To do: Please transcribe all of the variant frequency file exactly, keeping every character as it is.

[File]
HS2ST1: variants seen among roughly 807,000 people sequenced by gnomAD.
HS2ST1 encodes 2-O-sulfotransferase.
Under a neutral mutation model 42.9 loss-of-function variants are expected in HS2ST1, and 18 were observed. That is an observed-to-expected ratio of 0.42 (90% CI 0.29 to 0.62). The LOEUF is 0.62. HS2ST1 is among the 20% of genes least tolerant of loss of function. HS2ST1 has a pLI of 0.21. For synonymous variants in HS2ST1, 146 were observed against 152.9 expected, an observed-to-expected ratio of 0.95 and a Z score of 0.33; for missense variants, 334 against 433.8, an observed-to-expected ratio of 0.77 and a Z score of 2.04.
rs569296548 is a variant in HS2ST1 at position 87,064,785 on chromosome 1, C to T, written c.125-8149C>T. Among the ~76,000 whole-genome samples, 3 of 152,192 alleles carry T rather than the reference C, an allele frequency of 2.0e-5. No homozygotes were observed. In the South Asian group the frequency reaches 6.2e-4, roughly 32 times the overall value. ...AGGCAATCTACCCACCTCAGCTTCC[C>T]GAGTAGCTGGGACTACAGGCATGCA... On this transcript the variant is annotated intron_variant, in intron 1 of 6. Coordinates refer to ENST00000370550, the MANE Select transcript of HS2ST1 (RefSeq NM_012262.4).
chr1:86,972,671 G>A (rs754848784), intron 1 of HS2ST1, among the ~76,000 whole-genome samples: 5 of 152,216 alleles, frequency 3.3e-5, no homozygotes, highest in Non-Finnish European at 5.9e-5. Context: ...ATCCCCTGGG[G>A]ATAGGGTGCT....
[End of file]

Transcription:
HS2ST1: variants seen among roughly 807,000 people sequenced by gnomAD.
HS2ST1 encodes 2-O-sulfotransferase.
Under a neutral mutation model 42.9 loss-of-function variants are expected in HS2ST1, and 18 were observed. That is an observed-to-expected ratio of 0.42 (90% CI 0.29 to 0.62). The LOEUF is 0.62. HS2ST1 is among the 20% of genes least tolerant of loss of function. HS2ST1 has a pLI of 0.21. For synonymous variants in HS2ST1, 146 were observed against 152.9 expected, an observed-to-expected ratio of 0.95 and a Z score of 0.33; for missense variants, 334 against 433.8, an observed-to-expected ratio of 0.77 and a Z score of 2.04.
rs569296548 is a variant in HS2ST1 at position 87,064,785 on chromosome 1, C to T, written c.125-8149C>T. Among the ~76,000 whole-genome samples, 3 of 152,192 alleles carry T rather than the reference C, an allele frequency of 2.0e-5. No homozygotes were observed. In the South Asian group the frequency reaches 6.2e-4, roughly 32 times the overall value. ...AGGCAATCTACCCACCTCAGCTTCC[C>T]GAGTAGCTGGGACTACAGGCATGCA... On this transcript the variant is annotated intron_variant, in intron 1 of 6. Coordinates refer to ENST00000370550, the MANE Select transcript of HS2ST1 (RefSeq NM_012262.4).
chr1:86,972,671 G>A (rs754848784), intron 1 of HS2ST1, among the ~76,000 whole-genome samples: 5 of 152,216 alleles, frequency 3.3e-5, no homozygotes, highest in Non-Finnish European at 5.9e-5. Context: ...ATCCCCTGGG[G>A]ATAGGGTGCT....